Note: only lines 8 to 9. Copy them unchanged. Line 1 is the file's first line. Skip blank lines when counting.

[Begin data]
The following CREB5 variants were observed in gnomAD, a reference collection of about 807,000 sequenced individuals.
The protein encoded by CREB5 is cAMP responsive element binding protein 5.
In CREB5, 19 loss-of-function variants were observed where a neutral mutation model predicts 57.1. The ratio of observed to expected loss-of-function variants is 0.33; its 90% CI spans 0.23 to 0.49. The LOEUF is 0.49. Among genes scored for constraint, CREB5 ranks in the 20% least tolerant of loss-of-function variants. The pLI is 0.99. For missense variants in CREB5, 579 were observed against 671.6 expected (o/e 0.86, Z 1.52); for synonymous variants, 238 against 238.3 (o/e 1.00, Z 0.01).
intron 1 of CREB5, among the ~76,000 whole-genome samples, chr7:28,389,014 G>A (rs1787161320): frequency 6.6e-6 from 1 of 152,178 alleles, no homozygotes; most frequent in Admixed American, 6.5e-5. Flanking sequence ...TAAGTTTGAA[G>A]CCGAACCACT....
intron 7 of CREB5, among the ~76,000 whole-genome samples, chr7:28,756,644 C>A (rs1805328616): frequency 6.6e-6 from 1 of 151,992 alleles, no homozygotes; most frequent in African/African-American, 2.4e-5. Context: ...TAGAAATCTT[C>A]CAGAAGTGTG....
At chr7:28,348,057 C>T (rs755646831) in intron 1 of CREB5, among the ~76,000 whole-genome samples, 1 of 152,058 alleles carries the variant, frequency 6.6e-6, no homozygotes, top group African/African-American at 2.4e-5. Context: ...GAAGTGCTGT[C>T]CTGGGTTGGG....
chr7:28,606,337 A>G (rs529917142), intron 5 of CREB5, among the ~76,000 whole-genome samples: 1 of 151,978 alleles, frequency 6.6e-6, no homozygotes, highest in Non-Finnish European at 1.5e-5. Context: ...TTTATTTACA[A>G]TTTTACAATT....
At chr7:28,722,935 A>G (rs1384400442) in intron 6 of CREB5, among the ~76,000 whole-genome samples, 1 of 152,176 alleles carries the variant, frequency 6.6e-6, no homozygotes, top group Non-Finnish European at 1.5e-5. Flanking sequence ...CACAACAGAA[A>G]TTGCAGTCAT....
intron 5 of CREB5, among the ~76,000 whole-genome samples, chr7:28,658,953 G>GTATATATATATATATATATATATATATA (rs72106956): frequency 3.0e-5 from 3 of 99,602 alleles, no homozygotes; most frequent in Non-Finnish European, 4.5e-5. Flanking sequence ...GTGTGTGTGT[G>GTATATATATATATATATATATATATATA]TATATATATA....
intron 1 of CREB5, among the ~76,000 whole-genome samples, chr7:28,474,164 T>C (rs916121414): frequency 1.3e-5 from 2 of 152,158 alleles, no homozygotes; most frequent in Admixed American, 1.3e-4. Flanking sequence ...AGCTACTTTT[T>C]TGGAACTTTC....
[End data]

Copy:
At chr7:28,722,935 A>G (rs1384400442) in intron 6 of CREB5, among the ~76,000 whole-genome samples, 1 of 152,176 alleles carries the variant, frequency 6.6e-6, no homozygotes, top group Non-Finnish European at 1.5e-5. Flanking sequence ...CACAACAGAA[A>G]TTGCAGTCAT....
intron 5 of CREB5, among the ~76,000 whole-genome samples, chr7:28,658,953 G>GTATATATATATATATATATATATATATA (rs72106956): frequency 3.0e-5 from 3 of 99,602 alleles, no homozygotes; most frequent in Non-Finnish European, 4.5e-5. Flanking sequence ...GTGTGTGTGT[G>GTATATATATATATATATATATATATATA]TATATATATA....